In our group we’re interested in using (ancient) DNA as a tool to answer a wide range of questions in ecology, evolution, and archaeology.
About the group
We study spatial and temporal changes in populations and species over hundreds to thousands of years, with a specific focus on human induced change and historic trade patterns. We primarily work on animals – ranging from fish to birds to mammals – and also have some projects focusing on plants.
Our methods focus on whole genome (shotgun) resequencing, metabarcoding and occasionally we’ll use reduced representation (hybridization capture) sequencing, or single marker PCR. Our work greatly benefits from the excellent infrastructure and expertise we have available locally, including the Norwegian Sequencing Centre, the CEES labs and the ancient DNA laboratory. We really enjoy collaborating closely with people with specialties in other disciplines, including archaeologists and paleontologists.
We currently have several ongoing projects investigating dispersal and adaptation of biodiversity through human movement, trade and domestication in Viking Age and medieval northern Europe. In addition, we are further involved in collaborative projects on ancient dispersal and adaptation of New Zealand snapper, common beans and barley.
Sanne and Anneke joined the coring team of the VIKINGS project for field work as the start of an exiting new collaboration with: UiO's Department of Geosciences, Department of Archaeology, The Centre for Earth Evolution and Dynamics, and the Department of Earth Science at the University of Bergen.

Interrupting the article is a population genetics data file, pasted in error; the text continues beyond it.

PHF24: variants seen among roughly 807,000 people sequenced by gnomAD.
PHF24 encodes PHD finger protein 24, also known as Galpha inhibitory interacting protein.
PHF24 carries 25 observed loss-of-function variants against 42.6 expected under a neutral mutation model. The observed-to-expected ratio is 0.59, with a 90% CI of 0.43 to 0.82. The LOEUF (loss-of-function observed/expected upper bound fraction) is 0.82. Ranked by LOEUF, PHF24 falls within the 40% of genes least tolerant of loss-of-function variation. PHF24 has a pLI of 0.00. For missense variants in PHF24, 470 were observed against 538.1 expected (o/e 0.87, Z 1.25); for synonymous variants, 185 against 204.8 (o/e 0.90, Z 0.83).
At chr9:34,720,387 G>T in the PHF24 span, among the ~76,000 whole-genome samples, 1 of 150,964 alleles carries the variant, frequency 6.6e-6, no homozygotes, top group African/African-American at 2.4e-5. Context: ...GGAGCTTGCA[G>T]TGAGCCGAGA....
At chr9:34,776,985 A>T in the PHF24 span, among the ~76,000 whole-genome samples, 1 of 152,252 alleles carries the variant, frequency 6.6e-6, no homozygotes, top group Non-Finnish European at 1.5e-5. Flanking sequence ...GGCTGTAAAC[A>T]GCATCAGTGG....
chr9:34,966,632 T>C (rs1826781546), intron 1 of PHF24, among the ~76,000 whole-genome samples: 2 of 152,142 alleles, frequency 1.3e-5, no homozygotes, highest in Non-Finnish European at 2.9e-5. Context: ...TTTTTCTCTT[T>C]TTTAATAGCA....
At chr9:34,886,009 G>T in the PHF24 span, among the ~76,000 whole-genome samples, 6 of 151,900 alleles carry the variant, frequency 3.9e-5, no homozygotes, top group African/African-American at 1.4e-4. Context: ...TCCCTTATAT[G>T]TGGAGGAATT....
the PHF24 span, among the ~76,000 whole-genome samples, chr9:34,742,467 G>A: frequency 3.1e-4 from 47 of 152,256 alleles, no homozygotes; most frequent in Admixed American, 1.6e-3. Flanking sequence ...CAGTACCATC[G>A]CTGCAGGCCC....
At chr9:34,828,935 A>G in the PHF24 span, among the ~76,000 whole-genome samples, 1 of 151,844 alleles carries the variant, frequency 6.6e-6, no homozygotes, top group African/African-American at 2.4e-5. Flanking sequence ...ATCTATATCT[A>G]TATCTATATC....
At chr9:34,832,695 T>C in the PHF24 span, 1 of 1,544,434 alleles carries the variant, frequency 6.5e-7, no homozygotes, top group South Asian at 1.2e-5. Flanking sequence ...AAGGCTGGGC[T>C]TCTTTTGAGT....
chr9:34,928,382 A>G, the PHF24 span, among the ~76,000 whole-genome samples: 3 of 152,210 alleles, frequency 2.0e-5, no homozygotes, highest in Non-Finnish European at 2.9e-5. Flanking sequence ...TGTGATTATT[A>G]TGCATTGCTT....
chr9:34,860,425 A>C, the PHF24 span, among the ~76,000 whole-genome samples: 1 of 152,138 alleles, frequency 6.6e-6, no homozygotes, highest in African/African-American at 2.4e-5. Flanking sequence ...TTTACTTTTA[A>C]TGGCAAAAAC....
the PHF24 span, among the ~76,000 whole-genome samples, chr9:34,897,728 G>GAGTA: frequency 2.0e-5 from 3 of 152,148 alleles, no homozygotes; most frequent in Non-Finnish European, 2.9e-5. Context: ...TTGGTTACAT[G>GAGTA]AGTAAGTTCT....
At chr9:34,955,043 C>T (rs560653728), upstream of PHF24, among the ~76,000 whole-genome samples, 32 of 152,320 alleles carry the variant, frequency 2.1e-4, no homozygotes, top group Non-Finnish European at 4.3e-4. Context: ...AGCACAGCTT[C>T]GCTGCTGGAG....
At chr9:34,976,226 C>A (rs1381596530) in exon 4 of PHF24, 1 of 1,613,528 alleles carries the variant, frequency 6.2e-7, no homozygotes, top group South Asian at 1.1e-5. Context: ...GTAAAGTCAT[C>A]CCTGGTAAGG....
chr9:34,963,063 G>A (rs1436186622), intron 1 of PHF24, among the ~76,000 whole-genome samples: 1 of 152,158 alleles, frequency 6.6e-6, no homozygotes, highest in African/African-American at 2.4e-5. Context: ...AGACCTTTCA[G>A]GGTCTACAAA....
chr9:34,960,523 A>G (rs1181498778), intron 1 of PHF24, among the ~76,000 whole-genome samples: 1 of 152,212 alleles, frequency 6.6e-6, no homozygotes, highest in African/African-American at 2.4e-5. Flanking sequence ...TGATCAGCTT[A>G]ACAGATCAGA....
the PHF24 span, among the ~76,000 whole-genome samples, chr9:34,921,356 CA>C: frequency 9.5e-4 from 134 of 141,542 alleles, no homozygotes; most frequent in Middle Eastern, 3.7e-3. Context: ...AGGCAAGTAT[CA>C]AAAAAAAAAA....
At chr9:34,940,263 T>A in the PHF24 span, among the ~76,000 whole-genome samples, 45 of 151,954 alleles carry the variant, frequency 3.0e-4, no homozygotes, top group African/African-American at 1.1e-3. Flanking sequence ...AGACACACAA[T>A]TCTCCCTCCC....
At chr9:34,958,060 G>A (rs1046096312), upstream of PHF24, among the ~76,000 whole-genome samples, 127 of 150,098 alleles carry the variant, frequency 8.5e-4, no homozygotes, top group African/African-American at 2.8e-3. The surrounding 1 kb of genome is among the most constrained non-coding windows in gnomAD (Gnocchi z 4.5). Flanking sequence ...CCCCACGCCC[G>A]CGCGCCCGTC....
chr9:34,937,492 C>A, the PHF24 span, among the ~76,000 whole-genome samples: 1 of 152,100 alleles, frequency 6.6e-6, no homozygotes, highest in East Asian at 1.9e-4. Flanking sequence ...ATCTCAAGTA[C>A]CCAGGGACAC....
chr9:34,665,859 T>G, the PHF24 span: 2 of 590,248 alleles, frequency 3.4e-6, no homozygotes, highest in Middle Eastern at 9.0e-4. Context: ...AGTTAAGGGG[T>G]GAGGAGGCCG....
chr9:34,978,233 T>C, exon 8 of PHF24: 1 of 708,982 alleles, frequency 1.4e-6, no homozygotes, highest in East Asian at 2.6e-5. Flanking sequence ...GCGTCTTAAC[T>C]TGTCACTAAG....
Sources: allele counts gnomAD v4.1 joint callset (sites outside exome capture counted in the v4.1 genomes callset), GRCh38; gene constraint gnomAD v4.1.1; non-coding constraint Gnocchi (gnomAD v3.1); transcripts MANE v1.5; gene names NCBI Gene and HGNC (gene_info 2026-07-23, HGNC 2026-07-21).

The VIKINGS project aims reconstruct the climate of the early historic period, and resolve how volcanic eruptions and their environmental impacts facilitated societal changes during the Viking era. We'll be doing sedaDNA analyses to uncover the impact of human settlements on the plant species composition.
We just published new aDNA perspective paper in Evolutionary Applications focusing on the potential of retrieving DNA from ancient fish remains with our collaborators from New Zealand and the United Kingdom. We also got the news this week that Tom Oosting (the first author) has received a travel grant for a visit to our laboratory again for about 6 to 7 weeks this autumn.
New job opportunities at our group! We are hiring two new PhDs candidates, as part of the Seachanges Innovative Training Network, funded by the European Union. You can find the two positions and how to apply here and here. Please note that you have to apply before the 21th of May. This is a great opportunity to do a PhD and become part of an international, interdisciplinary research network. If you have any questions, contact Bastiaan Star.
Be sure to also check out the eligibility criteria.
This project is set to be funded by the European Union's EU Framework Programme for Research and Innovation Horizon 2020 under Grant Agreement No. 813383, subject to the final conclusion and signing of the Grant Agreement. The European Research Agency is not responsible for any use that may be made of the information it contains.
And more funding news - we got a grant from Nansenfondet for our work on Atlantic puffins! It will be exciting to see this project unfold.
We're excited that the UiO:Life Sciences Convergence Environment project on Medical Plant use in the Age of Exploration (REA:Life) has been funded! Looking forward to being part of this great consortium and working on this exciting project across the social and natural sciences.